Food mills are simple and versatile kitchen tools that are very useful for preparing large batches of food such as mashed potatoes, jams and apple sauce.
The way food mills work is fairly straightforward. A food mill consists of a a large bowl with a crank on top and two grinding discs at the bottom of the bowl. The top disc catches food and pushes it against the bottom disc, which has holes similar to those on a cheese grater.
Depending on the size of the holes in a food mill, they can be useful for separating skins (such as with potatoes or peas) or even filter out seeds if they’re small enough (such as with apples and berries). That's what sometimes makes a food mill a better choice for the job at hand over an immersion blender or a traditional hand masher — which are designed to perform similar tasks but cannot filter items out.
A good food mill can help you shave several minutes or sometimes even over an hour from your cooking process. For example, to make mashed potatoes, you normally need to peel them first and then mash them by hand (after boiling them, of course). That can easily add 15 minutes or a half hour to the process, depending on how many potatoes you're preparing. A food mill, however, will peel and mash the potatoes in one go, drastically speeding things up.
Other labor-intensive foods are also made simple with a food mill. Jams, jellies, applesauce, homemade tomato sauce and other mashed-up or mildly blended foods can be made in a handful of minutes thanks to the perforated grinding discs that help peel and seed foods, leaving behind only the pulp. Because of their large capacity, food mills are especially useful for anyone who has a home garden and enjoys making canned foods.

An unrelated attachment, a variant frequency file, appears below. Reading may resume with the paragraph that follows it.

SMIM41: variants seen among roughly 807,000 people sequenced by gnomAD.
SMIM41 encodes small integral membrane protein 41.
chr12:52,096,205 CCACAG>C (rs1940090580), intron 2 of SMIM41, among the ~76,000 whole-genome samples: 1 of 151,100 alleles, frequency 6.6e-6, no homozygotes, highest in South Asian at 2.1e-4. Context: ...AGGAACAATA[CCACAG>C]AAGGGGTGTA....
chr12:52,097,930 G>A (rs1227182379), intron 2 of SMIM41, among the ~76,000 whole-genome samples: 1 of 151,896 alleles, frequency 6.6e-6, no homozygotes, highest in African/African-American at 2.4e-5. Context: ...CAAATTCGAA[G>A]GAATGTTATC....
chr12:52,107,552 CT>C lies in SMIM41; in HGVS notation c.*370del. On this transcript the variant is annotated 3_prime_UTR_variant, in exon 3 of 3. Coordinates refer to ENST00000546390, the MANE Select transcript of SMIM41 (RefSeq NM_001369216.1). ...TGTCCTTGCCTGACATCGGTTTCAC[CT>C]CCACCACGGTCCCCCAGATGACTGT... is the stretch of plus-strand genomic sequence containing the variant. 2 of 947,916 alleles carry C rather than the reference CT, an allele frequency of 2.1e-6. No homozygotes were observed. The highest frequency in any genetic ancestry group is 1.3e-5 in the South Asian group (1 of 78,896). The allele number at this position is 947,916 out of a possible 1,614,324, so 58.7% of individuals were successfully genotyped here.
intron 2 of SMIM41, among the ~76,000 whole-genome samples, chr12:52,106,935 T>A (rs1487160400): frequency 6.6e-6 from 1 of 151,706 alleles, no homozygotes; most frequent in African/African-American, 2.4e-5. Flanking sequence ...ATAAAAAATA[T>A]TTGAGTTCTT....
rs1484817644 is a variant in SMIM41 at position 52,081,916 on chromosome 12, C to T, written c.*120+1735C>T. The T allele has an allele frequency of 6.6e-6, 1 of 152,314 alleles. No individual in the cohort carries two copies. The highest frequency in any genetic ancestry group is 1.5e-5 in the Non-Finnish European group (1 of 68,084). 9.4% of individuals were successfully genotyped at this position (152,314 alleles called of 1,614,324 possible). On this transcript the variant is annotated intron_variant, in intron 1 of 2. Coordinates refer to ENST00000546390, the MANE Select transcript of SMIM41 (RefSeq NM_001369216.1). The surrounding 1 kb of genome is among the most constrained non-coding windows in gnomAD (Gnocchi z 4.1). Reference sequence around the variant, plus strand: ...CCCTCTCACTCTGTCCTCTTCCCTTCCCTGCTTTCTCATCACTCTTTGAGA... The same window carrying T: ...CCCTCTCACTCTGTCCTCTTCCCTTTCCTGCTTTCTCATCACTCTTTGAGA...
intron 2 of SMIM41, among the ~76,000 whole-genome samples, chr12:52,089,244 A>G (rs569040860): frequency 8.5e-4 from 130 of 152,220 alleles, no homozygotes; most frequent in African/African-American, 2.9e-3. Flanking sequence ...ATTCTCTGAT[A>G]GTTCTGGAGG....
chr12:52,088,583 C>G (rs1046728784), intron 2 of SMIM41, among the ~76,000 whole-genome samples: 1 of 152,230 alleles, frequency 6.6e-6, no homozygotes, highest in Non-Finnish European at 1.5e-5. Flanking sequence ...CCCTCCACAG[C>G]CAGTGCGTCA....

Food mills are very affordable too. Though there are expensive models that can cost well over $200, a basic $40 model generally works just as well.
Food mill buying guide
There are two main factors to consider in a good food mill. First, you want to make sure you can get a solid grip while turning the crank. The second key factor is the number of included grinding discs, and their sizes. Larger holes in the discs are good for tough foods like potatoes, while smaller holes work best for small seeded ingredients like strawberries, apples and the like.
If you’ve decided that you just need to have a food mill in your kitchen, make sure to consider the following key features when shopping around:
• Size. Because food mills are great for making large quantities of foods like mashed potatoes and jams, some models can be larger than what most home cooks will need. A food mill with a capacity of at least 2 quarts will suit the needs of casual cooks while still allowing for larger batches for special occasions.
• Milling discs. Food mills use milling discs to mash, grind or puree food into a pulp. The size of the sieve holes on the milling disc will determine what type of food you can effectively mill with it. Smaller sieve holes are great for seeded foods while larger sieve holes work better for potatoes and the like. You also want to pay attention to how many milling discs are included with your food mill, which determines the gadget's versatility. Many models include three by default, but some, like the Rösle, only include two with the option to purchase more separately.
• Materials and design. While most food mills are made of stainless steel, the overall design of the food mill itself determines how easy and comfortable it is to operate. For the optimal grip and comfort, choose a food mill with rubberized handles. If you’re choosing a model made entirely out of stainless steel, look for gently curved designs that make it easier to hold while operating.
Best food mills
1. Best overall: Cuisipro Deluxe Food Mill
The Cuisipro Deluxe food mill strikes a balance between cost, performance and durability. For around $80, you get a stainless steel food mill with a similar design to more expensive models like Rösle, but the Cuisipro also features non-slip grips on the handles like with the OXO Good Grips. The included milling discs offer a good range of sizes (2mm, 3mm, 4mm) so it can handle most foods with little issue. Tougher items like raw potatoes should be boiled first for best results.